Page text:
Jun - Dec 2019
My role
UX Design, UX Research, Front End

UniBand is a tremor tracker system which helps patients with Parkinson’s disease to acquire insights combining their tremor intensity changes with medication intake, diet, and physical activities.

This project is a student-driven project initially engaged with and men- tored by the UbiComp research lab at UW and Prof. Shwetak Patel.

Team members: Evie Zhang, Gero Bergk, Joohyung Kim, Yuanwei Zhang


Parkinson’s Disease

A brain disorder that leads to shaking, stiffness, and difficulty with walking, balance, and coordination

( 1 )

Every year, roughly 60,000 Americans are newly diagnosed with Parkinson’s.

( 2 )

It requires perpetual care and management for patients and their families since the disease has no cure.

( 3 )

There is no sustainable service or product that allows individuals with PD and their doctors to consistently track their progress over time and give a clear understanding of their progress changes.

Tremor makes patients unable to do the simplest daily tasks.
How might we make the management of their disease easier and more efficient for patients with PD (Parkinson’s Disease)?
The 6-month design process



( 1 )

Is the first consumer-facing tremor-tracking product 

( 2 )

Is a complete service to manage Parkinson’s Disease

( 3 )

Brings opportunity to work with Evergreen Clinical Collaboration

✈️️️ How did we arrive at this solution?
6 min read
User research
Primary research :: What is bothering people with PD

Having some basic knowledge about PD through secondary research, our strategy was to meet patients and physicians, as many as we can, because no one in our team had a medical background or clinical experience about PD.

We ended up with interviewing 25 patients and 3 doctors, and having solid data from 52 surveys. This gave us a better understanding of patients’ situation and what is missing in the communication between patients and doctors.

Where we found our participants
Some personal tracking documents that patients and caregivers provided, which explained the medication complexity
Insights from surveys
Primary research :: Key findings

In general

It’s so hard for patients with PD to keep tracking everything and to aggregate all information for insights.

( 1 )

Tremor: Among all symptoms of PD, tremor bothers people the most. It makes the simplest things in the world extremely hard to do.

( 2 )

Doctor visit frequency: Most of patients visits their physicians 2-3 times/year.

( 3 )

Memory method: Most of patients could only describe their progress using memory method when meeting with their doctors.

( 4 )

Medication and its adjustment: Meds can be really complex for PD. Physicians will adjust patients’ meditation based on their description of symptoms.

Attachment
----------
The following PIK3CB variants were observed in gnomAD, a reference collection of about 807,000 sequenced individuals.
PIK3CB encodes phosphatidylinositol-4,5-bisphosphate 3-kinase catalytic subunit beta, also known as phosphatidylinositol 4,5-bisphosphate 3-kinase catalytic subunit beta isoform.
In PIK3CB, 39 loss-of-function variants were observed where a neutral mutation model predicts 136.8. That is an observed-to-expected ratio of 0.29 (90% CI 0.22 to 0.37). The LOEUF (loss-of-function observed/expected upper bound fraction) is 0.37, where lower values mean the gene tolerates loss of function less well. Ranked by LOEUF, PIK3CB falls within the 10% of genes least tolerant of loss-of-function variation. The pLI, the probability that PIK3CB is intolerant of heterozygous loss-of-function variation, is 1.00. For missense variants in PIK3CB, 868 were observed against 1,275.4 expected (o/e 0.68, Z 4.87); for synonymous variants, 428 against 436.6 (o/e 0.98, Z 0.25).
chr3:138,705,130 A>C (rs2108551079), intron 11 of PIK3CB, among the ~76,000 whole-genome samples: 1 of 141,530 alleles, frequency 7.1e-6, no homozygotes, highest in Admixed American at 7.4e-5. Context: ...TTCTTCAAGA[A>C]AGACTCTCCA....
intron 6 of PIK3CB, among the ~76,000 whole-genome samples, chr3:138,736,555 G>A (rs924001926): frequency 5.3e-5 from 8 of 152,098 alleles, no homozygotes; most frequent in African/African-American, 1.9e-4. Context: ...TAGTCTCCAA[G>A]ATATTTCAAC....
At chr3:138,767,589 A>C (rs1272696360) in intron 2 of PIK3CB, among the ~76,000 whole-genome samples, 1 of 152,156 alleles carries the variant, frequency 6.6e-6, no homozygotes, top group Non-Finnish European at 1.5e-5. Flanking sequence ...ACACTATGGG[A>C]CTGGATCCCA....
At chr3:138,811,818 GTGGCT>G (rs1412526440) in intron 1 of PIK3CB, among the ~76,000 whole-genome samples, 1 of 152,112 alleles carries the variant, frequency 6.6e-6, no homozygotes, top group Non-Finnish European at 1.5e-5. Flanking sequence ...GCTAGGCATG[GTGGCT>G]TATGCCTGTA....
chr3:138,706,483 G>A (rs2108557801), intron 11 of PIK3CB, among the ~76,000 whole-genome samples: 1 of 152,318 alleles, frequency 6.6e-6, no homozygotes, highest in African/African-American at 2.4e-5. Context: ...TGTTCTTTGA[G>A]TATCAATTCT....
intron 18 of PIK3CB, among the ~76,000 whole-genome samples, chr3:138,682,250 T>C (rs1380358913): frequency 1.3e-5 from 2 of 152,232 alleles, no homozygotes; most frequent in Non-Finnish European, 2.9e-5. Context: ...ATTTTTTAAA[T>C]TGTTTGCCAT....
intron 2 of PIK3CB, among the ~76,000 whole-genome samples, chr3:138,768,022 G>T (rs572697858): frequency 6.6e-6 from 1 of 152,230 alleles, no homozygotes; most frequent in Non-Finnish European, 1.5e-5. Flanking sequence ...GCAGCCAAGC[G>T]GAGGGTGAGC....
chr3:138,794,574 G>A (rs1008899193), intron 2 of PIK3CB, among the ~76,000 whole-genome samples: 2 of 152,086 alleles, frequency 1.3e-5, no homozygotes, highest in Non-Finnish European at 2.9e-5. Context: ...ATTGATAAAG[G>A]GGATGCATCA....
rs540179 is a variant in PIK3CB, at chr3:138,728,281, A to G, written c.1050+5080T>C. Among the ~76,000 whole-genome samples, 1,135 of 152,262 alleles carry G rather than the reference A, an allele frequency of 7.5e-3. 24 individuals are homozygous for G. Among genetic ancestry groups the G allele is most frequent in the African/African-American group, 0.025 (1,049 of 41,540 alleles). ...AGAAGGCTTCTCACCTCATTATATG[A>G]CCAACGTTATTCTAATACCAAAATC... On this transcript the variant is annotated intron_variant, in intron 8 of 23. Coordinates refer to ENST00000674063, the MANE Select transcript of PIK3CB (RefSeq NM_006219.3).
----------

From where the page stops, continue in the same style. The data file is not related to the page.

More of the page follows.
“I want to know the activities I was doing when I had the most tremor of that day.”
-- Ilene, one of patients we interviewed
Enable PD patients to live a easier life
The problem that we want to address is the lack of objective and continuous data that represents the progression of Parkinson’s and how it is affected over time by daily factors such as med intake, diet, and physical activities.

Then, the team came up an idea of developing a wristband tremor tracking device and a companion mobile app that can show PD progress over time with other important data reported by users.
Design iterations
Low-fidelity sketching
V1: Sketched a basic flow so that I could communicate
with teammates efficiently.
Having the first low-fi flow, I discussed some main features in the app with my team members. We all agreed on one thing: figuring out what makes the best data visualization for the tremor report was our top priority.

I started to make plans on testing this part with patients to help us make the decision.
User testing
Four types of monthly tremor report that we used for user testing.
The second image was proved to be the most useful one.
Five daily tremor logs that we used for user testing. The third image with a comparison between two days’ data was proved to be the most useful one.
Many thanks to all participants in our tests and tremor data collecting sessions. They’re amazing people and really helped us a lot!
Key findings include:

( 1 )

Desirability: All participants found the design helpful and would like to use the app if it exists.

( 2 )

Line graph with comparison: For the tremor log, the tremor activity data needs to be explained. Line graph is more acceptable. People like having comparison among data visually available.

( 2 )

Missed dosage: People like the missed dosage time reflecting on the graph

I analyzed findings from user tests
using this affinity map
Medium-fidelity prototype
V2: I made this medium-fidelity clickable prototype using Framer X.
Based on the feedback gathered from our participants, I created a new set of more detailed design. We conducted more tests utilizing this interactive prototype.
Final deliverables
System diagram
In the end, with all improvements been made, I coded the front end of our final functional app using Flutter. The back end was programmed by other teammates.

With our solution, users can simply wear a wristband which tracks their tremor and take notes of their medication intake, activities and diets via the mobile app. A monthly insight report generated from Google Cloud Platform is also provided, which patients/caregivers can print out  bring with when they visit doctors. This allows patients with PD to have more concrete data for their progress.
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